Microsoft to depose AOL's Case, other executives

Even in the midst of settlement talks in its antitrust trial, Microsoft is aggressively seeking information from rival companies to show it is not a monopoly. The software giant will depose Steve Case, chief executive officer of America Online, another AOL executive and one executive each from Netscape Communications and Sun Microsystems in preparation for calling them as witnesses during the trial,

Even in the midst of settlement talks in its antitrust trial, Microsoft is aggressively seeking information from rival companies to show it is not a monopoly.

The software giant will depose Steve Case, chief executive officer of America Online, another AOL executive and one executive each from Netscape Communications and Sun Microsystems in preparation for calling them as witnesses during the trial, Microsoft spokesman Tom Pilla said yesterday. The names of the other executives were not available.

Also, Microsoft submitted an emergency petition yesterday to U.S. District Judge Thomas Penfield Jackson, asking him to force AOL, Netscape and Sun to hand over any documents and e-mail related to AOL's March purchase of Netscape. AOL and Sun signed development agreements connected with AOL's acquisition of Netscape.

Microsoft wants to depose the executives to show how their business plans constitute a powerful challenge to Microsoft, Pilla said. "We believe they (the executives) will reinforce Microsoft's position that AOL, Netscape and Sun plan to compete vigorously in virtually all our business areas," he said.

The judge has not yet ruled whether AOL and Netscape should be forced to hand over more documents, according to Pilla. A previous Microsoft request for documents from AOL, Netscape and Sun yielded only three boxes of information, while the three companies gave 120 boxes to the U.S. Department of Justice (DOJ) as part of the review of AOL's purchase of Netscape, Pilla said.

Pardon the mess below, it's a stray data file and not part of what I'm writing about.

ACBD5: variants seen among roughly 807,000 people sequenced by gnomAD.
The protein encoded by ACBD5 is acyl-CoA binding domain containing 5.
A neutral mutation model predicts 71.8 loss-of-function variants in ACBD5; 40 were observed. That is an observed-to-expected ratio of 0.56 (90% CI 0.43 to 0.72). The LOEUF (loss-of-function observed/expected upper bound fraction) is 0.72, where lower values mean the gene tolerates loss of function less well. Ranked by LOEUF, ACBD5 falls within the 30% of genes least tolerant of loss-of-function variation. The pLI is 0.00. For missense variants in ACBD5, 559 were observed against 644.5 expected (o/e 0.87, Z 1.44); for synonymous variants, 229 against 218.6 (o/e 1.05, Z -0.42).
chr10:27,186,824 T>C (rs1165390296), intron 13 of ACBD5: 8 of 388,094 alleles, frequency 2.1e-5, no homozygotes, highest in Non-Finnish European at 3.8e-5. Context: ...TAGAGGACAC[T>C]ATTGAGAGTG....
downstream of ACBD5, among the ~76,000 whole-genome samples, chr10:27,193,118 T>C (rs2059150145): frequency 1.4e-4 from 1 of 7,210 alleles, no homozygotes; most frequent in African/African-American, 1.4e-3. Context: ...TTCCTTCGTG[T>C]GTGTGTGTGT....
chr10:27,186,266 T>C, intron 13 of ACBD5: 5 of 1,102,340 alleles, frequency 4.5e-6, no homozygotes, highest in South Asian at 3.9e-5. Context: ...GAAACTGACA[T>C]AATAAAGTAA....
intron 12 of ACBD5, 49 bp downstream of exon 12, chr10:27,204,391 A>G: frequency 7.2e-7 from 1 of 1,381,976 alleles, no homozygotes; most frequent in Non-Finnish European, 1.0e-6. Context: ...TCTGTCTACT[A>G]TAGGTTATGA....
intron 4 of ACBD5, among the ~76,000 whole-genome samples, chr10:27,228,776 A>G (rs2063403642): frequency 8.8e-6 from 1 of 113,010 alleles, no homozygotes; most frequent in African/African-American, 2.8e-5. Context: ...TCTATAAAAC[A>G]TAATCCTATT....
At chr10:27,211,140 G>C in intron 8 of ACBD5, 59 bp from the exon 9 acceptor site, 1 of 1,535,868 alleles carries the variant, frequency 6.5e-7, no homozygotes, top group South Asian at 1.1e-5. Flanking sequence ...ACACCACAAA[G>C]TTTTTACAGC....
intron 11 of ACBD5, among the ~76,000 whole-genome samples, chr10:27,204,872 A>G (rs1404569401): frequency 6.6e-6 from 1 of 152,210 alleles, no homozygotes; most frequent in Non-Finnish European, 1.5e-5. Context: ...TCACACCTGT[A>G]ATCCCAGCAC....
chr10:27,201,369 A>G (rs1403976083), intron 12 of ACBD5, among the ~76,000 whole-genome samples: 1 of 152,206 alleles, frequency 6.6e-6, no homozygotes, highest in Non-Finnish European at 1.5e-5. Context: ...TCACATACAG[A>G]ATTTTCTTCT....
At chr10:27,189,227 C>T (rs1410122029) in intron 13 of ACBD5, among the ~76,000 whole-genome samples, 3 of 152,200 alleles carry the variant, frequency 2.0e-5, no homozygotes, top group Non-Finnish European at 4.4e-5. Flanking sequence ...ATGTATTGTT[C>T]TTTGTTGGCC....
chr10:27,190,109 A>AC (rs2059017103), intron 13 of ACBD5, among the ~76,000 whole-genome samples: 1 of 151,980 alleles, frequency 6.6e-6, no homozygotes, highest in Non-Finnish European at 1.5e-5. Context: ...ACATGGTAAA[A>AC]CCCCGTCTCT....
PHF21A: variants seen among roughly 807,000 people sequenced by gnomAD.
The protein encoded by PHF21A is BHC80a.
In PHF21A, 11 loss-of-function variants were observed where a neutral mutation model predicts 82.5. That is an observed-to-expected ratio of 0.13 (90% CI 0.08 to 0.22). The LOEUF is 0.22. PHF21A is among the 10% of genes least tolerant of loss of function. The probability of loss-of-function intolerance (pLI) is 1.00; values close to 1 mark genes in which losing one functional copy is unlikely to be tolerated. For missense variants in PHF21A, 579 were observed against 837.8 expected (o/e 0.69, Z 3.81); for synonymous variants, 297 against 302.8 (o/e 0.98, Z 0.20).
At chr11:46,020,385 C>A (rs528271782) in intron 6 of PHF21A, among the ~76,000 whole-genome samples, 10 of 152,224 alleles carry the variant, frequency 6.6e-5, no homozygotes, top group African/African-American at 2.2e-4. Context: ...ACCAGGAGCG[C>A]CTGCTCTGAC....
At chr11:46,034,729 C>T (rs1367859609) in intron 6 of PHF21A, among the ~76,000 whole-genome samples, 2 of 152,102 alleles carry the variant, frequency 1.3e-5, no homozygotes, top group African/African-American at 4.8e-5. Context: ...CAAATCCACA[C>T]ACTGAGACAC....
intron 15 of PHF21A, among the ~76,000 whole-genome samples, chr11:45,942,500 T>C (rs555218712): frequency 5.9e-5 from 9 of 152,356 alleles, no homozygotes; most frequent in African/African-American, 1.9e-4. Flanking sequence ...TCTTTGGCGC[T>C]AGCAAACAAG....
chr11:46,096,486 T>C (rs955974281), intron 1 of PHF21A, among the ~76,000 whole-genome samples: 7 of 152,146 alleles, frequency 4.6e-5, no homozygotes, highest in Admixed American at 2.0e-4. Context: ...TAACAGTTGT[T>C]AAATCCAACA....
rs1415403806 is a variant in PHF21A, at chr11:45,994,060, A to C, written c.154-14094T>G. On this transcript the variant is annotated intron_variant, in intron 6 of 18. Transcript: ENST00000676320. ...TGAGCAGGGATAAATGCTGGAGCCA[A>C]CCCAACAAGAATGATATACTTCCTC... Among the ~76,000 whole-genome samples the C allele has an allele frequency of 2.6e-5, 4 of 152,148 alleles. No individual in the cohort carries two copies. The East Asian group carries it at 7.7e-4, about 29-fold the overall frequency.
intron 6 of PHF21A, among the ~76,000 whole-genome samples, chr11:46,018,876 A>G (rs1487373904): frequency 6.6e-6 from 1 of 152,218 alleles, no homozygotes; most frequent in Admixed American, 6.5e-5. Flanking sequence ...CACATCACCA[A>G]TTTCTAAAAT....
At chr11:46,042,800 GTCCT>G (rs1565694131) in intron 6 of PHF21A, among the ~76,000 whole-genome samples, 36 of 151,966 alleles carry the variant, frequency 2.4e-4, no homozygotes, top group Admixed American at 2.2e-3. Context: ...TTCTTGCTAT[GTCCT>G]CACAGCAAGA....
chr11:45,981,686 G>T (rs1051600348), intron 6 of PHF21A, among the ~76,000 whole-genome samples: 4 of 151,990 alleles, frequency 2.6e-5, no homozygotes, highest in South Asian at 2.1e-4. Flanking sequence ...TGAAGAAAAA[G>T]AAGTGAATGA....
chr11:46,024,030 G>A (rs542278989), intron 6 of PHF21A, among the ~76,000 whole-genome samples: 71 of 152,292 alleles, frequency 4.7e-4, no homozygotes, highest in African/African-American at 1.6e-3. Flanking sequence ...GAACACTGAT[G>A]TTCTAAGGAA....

AOL spokesman Jim Whitney confirmed Case was subpoenaed to testify in a deposition in connection with the trial but would not comment further. Sun spokeswoman Lisa Poulson said in an e-mail statement that "We believe we have already provided all of the relevant documents to Microsoft."

Netscape spokespeople could not be reached for comment today.

Meanwhile, Microsoft and DOJ lawyers continued settlement talks yesterday in an effort to resolve the antitrust lawsuit. Neither DOJ nor Microsoft representatives would comment on the talks.

The parties are to meet tomorrow for a status conference. The trial is in recess until April 12, although the judge may reschedule the date for its resumption.

Microsoft Corp., based in Redmond, Washington, can be reached at +1-425-882-8080 or at http://www.microsoft.com/. Netscape, based in Mountain View, California, can be reached at +1-650-254-1900 or on the World Wide Web at http://www.netscape.com/. AOL, in Dulles, Virginia, can be reached at +1-703-448-8700 or at http://www.aol.com/. Sun Microsystems Inc., in Palo Alto, California, can be reached at +1-650-960-1300 or at http://www.sun.com/.

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